After decades of building wide, car-friendly streets, Valley cities are taking steps to make things safer and friendlier for pedestrians. Arizona, and the Valley in particular, has had a chronic problem with pedestrian fatalities and very little progress has been made over the past fifteen years according to the Arizona Department of Transportation’s annual Crash Facts report. The report shows that Arizona had 153 statewide pedestrian deaths in 1997, 166 pedestrian deaths in 2001, and 154 deaths in 2011. In contrast, national pedestrian fatalities have been steadily falling according to National Highway Traffic Safety Administration statistics. National pedestrian fatalities dropped 19.6 percent from 5,321 in 1997 to 4,280 in 2010. Phoenix ranks fourth in pedestrian deaths on a list of American cities, behind New York City, Los Angeles, and Chicago.
Valley cities are taking many steps to improve road safety for pedestrians. One of their newest tools is the “High-Intensity Activated Crosswalk” or “HAWK.” These crosswalks consist of three lights that are activated by pedestrians in the intersection. The walk signal is given just long enough for someone to cross the street, so HAWKs have the advantage of not disrupting traffic as long as traditional crosswalks
Each city is tackling the issue of pedestrian safety in its own way. Tempe, for example, has added HAWKs at two canal crossings at McClintock Drive and Rural Road as well as widening sidewalks and adding landscaping to downtown streets. Mesa has installed traditional crosswalks at popular canal crossings that intersect with major streets. The city is also in the process of narrowing Main Street to one lane through downtown to hopefully cut traffic, increase pedestrian safety, and work in conjunction with the light rail extension. Peoria has added two-stage crosswalks and widened sidewalks near several schools. Underpasses have also been installed along the New River multiuse path to separate pedestrians and cyclists from traffic. Scottsdale is taking steps to widen sidewalks and move them further from the curb while also installing tunnels and bridges to keep bicycle and pedestrian paths separated from vehicular traffic. Four HAWKs have been installed across the city to protect pedestrians crossing busy streets in shopping districts and equestrian trails in North Scottsdale.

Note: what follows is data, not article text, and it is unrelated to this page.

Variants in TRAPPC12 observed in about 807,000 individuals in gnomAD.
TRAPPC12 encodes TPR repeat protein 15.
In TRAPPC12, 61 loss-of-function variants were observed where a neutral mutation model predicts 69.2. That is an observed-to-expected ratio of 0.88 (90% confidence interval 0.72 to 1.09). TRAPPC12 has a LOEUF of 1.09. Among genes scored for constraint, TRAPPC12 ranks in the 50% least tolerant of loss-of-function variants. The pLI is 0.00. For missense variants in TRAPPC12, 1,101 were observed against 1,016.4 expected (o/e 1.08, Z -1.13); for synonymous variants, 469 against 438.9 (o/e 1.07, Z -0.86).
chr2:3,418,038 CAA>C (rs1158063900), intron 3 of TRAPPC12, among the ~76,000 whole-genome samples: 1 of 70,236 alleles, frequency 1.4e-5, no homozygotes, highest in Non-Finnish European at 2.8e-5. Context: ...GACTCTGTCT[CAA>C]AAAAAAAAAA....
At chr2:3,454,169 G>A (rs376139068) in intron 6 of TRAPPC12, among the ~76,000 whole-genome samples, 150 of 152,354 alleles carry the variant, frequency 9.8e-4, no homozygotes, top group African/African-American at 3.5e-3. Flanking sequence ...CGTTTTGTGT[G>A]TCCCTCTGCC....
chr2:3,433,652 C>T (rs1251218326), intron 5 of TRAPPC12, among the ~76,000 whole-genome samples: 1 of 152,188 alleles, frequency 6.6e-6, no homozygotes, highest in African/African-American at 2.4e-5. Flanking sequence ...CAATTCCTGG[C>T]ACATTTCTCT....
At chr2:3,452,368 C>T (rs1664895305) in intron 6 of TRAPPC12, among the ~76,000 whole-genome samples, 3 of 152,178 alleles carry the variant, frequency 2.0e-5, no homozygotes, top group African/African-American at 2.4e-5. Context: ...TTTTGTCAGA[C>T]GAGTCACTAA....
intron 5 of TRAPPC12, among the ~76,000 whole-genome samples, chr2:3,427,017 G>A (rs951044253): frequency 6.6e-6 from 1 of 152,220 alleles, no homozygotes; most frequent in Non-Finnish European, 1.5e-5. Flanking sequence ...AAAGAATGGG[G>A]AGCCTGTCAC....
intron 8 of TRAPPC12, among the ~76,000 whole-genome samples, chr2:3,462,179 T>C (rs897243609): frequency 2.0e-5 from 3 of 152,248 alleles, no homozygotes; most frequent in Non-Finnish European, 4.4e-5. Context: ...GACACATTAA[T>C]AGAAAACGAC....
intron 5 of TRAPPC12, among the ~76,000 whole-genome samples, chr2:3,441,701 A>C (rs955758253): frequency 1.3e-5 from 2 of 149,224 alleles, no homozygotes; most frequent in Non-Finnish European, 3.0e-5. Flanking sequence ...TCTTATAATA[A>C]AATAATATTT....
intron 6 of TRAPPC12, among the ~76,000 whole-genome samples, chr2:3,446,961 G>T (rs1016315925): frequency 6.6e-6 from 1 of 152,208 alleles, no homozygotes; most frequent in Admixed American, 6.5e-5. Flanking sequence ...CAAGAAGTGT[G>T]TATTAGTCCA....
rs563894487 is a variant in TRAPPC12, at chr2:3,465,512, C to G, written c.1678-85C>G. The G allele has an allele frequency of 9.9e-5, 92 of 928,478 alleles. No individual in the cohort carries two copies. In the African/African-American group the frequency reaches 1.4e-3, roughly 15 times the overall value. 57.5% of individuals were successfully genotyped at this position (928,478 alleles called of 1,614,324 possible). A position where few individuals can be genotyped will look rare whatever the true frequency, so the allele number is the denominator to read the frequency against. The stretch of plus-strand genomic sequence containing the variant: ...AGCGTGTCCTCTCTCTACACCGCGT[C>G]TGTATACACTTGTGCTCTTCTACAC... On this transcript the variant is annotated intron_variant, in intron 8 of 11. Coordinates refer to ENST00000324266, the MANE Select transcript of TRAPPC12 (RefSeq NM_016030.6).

Despite all the efforts by Valley cities to make the roads safer for pedestrians, the public must also do their part. Without mutual respect and awareness between drivers and pedestrians, even the most advanced crosswalks are useless. Drivers should avoid being distracted by their cell phones and not operate their vehicles while impaired by drugs or alcohol. Pedestrians likewise should maintain good situational awareness and only cross at marked street crossings. Jaywalking is incredibly dangerous for pedestrians because drivers are usually not watching for pedestrians crossing midblock or at unpredictable locations and are usually accelerating.
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Walsh, J. (2012, October 10). Arizona road-safety focus switches to pedestrians. The Arizona Republic. Retrieved from http://www.azcentral.com/arizonarepublic/news/articles/2012/10/02/20121002arizona-road-safety-focus-switches-pedestrians.html
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